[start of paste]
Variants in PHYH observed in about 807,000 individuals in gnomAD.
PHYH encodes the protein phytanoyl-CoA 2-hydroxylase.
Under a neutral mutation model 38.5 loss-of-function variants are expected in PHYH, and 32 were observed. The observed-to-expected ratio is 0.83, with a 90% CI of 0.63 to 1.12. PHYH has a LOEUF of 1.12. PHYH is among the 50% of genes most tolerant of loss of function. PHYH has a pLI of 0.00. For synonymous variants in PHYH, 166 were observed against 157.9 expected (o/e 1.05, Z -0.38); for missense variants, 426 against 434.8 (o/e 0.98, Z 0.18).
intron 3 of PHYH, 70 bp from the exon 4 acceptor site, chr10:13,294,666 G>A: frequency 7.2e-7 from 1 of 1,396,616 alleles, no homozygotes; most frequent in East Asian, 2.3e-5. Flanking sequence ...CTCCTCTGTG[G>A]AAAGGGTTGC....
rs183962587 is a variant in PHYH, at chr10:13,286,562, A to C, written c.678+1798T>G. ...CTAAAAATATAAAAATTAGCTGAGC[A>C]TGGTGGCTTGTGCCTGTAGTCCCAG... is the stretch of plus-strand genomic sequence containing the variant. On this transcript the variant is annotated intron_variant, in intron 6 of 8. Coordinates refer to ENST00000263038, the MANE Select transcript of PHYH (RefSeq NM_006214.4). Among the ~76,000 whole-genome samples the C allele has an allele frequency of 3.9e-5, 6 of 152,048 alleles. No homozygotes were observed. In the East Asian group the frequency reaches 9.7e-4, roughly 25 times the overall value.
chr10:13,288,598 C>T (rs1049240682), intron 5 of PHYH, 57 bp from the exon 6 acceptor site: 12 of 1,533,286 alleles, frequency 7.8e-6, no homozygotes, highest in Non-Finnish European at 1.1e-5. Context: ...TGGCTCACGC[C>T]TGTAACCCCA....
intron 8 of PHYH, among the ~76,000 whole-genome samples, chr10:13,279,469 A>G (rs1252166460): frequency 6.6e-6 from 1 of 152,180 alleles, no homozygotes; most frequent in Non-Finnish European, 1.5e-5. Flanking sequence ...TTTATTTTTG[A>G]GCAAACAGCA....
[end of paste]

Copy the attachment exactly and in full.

Variants in PHYH observed in about 807,000 individuals in gnomAD.
PHYH encodes the protein phytanoyl-CoA 2-hydroxylase.
Under a neutral mutation model 38.5 loss-of-function variants are expected in PHYH, and 32 were observed. The observed-to-expected ratio is 0.83, with a 90% CI of 0.63 to 1.12. PHYH has a LOEUF of 1.12. PHYH is among the 50% of genes most tolerant of loss of function. PHYH has a pLI of 0.00. For synonymous variants in PHYH, 166 were observed against 157.9 expected (o/e 1.05, Z -0.38); for missense variants, 426 against 434.8 (o/e 0.98, Z 0.18).
intron 3 of PHYH, 70 bp from the exon 4 acceptor site, chr10:13,294,666 G>A: frequency 7.2e-7 from 1 of 1,396,616 alleles, no homozygotes; most frequent in East Asian, 2.3e-5. Flanking sequence ...CTCCTCTGTG[G>A]AAAGGGTTGC....
rs183962587 is a variant in PHYH, at chr10:13,286,562, A to C, written c.678+1798T>G. ...CTAAAAATATAAAAATTAGCTGAGC[A>C]TGGTGGCTTGTGCCTGTAGTCCCAG... is the stretch of plus-strand genomic sequence containing the variant. On this transcript the variant is annotated intron_variant, in intron 6 of 8. Coordinates refer to ENST00000263038, the MANE Select transcript of PHYH (RefSeq NM_006214.4). Among the ~76,000 whole-genome samples the C allele has an allele frequency of 3.9e-5, 6 of 152,048 alleles. No homozygotes were observed. In the East Asian group the frequency reaches 9.7e-4, roughly 25 times the overall value.
chr10:13,288,598 C>T (rs1049240682), intron 5 of PHYH, 57 bp from the exon 6 acceptor site: 12 of 1,533,286 alleles, frequency 7.8e-6, no homozygotes, highest in Non-Finnish European at 1.1e-5. Context: ...TGGCTCACGC[C>T]TGTAACCCCA....
intron 8 of PHYH, among the ~76,000 whole-genome samples, chr10:13,279,469 A>G (rs1252166460): frequency 6.6e-6 from 1 of 152,180 alleles, no homozygotes; most frequent in Non-Finnish European, 1.5e-5. Flanking sequence ...TTTATTTTTG[A>G]GCAAACAGCA....